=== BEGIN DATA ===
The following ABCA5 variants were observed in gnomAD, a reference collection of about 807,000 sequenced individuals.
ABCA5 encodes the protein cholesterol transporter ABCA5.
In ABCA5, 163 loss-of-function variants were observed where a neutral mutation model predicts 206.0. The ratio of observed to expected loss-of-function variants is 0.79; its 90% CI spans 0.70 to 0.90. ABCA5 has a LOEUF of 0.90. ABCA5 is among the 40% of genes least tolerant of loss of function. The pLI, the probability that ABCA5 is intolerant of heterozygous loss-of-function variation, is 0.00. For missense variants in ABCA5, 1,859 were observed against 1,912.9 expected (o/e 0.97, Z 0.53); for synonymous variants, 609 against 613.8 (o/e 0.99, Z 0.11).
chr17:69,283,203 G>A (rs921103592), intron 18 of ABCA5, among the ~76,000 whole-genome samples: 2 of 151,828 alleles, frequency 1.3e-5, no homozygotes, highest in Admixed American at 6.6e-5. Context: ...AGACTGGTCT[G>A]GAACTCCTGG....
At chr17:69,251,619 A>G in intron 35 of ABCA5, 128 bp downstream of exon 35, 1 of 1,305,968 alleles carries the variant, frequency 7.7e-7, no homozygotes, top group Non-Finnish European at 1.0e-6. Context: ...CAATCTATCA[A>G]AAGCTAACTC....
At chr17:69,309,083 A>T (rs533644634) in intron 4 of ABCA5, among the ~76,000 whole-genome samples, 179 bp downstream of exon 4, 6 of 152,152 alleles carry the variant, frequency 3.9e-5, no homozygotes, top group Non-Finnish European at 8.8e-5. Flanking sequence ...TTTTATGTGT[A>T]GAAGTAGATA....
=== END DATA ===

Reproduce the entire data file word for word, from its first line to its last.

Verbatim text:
The following ABCA5 variants were observed in gnomAD, a reference collection of about 807,000 sequenced individuals.
ABCA5 encodes the protein cholesterol transporter ABCA5.
In ABCA5, 163 loss-of-function variants were observed where a neutral mutation model predicts 206.0. The ratio of observed to expected loss-of-function variants is 0.79; its 90% CI spans 0.70 to 0.90. ABCA5 has a LOEUF of 0.90. ABCA5 is among the 40% of genes least tolerant of loss of function. The pLI, the probability that ABCA5 is intolerant of heterozygous loss-of-function variation, is 0.00. For missense variants in ABCA5, 1,859 were observed against 1,912.9 expected (o/e 0.97, Z 0.53); for synonymous variants, 609 against 613.8 (o/e 0.99, Z 0.11).
chr17:69,283,203 G>A (rs921103592), intron 18 of ABCA5, among the ~76,000 whole-genome samples: 2 of 151,828 alleles, frequency 1.3e-5, no homozygotes, highest in Admixed American at 6.6e-5. Context: ...AGACTGGTCT[G>A]GAACTCCTGG....
At chr17:69,251,619 A>G in intron 35 of ABCA5, 128 bp downstream of exon 35, 1 of 1,305,968 alleles carries the variant, frequency 7.7e-7, no homozygotes, top group Non-Finnish European at 1.0e-6. Context: ...CAATCTATCA[A>G]AAGCTAACTC....
At chr17:69,309,083 A>T (rs533644634) in intron 4 of ABCA5, among the ~76,000 whole-genome samples, 179 bp downstream of exon 4, 6 of 152,152 alleles carry the variant, frequency 3.9e-5, no homozygotes, top group Non-Finnish European at 8.8e-5. Flanking sequence ...TTTTATGTGT[A>T]GAAGTAGATA....